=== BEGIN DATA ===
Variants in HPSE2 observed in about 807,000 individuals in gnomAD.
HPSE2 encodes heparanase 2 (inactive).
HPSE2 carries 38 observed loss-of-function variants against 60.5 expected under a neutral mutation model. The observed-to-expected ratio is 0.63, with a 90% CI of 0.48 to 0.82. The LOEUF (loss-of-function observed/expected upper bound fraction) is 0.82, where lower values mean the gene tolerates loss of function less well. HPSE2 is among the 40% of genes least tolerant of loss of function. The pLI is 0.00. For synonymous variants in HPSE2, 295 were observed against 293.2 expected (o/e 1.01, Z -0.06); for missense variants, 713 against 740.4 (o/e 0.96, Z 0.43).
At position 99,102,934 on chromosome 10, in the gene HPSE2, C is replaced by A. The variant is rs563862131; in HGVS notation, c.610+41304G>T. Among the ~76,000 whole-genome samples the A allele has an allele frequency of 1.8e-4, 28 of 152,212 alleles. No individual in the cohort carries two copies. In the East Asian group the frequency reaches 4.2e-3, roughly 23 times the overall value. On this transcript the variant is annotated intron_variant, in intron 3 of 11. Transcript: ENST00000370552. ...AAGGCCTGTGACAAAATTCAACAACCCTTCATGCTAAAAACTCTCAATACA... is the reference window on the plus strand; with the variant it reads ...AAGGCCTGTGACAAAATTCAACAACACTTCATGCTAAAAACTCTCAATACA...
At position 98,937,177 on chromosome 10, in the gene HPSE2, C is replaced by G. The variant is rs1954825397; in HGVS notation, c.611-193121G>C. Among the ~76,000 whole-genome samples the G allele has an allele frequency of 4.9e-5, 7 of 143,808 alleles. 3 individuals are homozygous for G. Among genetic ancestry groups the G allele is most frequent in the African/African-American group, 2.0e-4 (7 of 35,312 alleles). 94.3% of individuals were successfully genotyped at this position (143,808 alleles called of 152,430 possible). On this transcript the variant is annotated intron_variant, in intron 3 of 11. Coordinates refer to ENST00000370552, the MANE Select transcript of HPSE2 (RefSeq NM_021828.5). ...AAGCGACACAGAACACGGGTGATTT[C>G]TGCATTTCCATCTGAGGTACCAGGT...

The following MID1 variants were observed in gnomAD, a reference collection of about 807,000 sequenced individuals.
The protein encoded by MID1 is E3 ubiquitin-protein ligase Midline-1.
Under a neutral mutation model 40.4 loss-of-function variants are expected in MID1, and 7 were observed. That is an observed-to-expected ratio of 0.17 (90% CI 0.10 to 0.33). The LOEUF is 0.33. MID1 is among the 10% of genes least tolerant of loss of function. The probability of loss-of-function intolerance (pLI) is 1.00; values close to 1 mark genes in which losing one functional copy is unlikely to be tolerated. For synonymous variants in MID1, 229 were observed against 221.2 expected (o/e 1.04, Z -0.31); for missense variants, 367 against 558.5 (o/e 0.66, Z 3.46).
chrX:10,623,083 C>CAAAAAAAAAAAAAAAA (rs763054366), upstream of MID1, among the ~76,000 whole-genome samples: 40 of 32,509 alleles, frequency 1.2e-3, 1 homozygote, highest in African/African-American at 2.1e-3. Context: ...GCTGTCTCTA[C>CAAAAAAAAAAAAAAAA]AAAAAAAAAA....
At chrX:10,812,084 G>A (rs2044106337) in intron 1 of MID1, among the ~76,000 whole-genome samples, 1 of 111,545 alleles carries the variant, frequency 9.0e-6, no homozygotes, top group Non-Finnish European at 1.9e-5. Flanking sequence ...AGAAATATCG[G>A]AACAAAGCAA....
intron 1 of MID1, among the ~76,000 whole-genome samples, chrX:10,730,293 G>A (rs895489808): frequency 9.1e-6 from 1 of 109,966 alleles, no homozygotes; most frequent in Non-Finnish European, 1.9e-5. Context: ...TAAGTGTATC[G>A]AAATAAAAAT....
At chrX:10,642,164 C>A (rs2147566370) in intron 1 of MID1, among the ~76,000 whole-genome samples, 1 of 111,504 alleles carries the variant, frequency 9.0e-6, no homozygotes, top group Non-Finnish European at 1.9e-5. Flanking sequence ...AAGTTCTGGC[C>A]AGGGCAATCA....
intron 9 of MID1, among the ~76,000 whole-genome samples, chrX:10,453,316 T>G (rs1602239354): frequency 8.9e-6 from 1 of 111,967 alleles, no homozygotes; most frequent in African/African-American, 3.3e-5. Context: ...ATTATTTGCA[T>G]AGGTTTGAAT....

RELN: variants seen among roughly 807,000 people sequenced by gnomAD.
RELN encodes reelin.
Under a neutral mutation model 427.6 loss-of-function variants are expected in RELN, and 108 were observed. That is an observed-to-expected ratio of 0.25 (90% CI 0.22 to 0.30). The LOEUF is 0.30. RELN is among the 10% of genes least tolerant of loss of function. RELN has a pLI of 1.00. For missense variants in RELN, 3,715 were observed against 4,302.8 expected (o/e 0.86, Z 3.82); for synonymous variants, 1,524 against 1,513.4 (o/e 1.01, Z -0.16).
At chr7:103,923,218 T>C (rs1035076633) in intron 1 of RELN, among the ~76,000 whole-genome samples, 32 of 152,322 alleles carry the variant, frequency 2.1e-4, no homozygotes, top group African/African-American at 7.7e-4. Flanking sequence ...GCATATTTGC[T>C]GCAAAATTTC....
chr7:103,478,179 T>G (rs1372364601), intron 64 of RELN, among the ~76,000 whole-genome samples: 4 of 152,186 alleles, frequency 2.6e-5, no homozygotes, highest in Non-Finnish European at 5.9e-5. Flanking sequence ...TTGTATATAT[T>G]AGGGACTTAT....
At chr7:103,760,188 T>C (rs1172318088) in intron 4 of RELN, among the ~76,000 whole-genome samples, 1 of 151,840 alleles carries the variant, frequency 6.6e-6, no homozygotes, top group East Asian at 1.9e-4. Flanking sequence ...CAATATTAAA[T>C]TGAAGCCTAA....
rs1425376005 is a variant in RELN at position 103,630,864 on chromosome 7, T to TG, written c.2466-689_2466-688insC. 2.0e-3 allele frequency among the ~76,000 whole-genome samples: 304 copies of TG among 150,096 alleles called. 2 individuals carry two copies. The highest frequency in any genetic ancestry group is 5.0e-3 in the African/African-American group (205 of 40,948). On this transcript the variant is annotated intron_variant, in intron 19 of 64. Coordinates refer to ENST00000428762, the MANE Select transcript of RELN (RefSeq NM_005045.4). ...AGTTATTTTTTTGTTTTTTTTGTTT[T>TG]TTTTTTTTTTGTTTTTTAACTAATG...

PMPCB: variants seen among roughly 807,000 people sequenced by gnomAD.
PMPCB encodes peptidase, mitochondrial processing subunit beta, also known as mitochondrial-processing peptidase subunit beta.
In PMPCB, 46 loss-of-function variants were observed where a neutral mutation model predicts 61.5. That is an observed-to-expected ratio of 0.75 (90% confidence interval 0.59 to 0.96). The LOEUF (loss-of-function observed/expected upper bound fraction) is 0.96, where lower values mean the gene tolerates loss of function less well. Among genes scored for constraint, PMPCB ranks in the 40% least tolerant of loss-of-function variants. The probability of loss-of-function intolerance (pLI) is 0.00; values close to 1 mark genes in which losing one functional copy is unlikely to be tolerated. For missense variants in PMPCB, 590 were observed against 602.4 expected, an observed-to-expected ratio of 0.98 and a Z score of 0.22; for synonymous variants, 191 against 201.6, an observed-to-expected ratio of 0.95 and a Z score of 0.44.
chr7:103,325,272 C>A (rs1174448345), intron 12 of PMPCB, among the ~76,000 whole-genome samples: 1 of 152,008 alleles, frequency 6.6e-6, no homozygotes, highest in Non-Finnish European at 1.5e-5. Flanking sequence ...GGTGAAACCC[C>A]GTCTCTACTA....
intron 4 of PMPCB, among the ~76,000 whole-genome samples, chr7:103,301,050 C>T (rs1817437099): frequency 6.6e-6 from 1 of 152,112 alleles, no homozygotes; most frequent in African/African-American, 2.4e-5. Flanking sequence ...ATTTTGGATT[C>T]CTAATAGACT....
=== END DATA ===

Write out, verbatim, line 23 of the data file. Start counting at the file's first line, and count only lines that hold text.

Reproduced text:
In PMPCB, 46 loss-of-function variants were observed where a neutral mutation model predicts 61.5. That is an observed-to-expected ratio of 0.75 (90% confidence interval 0.59 to 0.96). The LOEUF (loss-of-function observed/expected upper bound fraction) is 0.96, where lower values mean the gene tolerates loss of function less well. Among genes scored for constraint, PMPCB ranks in the 40% least tolerant of loss-of-function variants. The probability of loss-of-function intolerance (pLI) is 0.00; values close to 1 mark genes in which losing one functional copy is unlikely to be tolerated. For missense variants in PMPCB, 590 were observed against 602.4 expected, an observed-to-expected ratio of 0.98 and a Z score of 0.22; for synonymous variants, 191 against 201.6, an observed-to-expected ratio of 0.95 and a Z score of 0.44.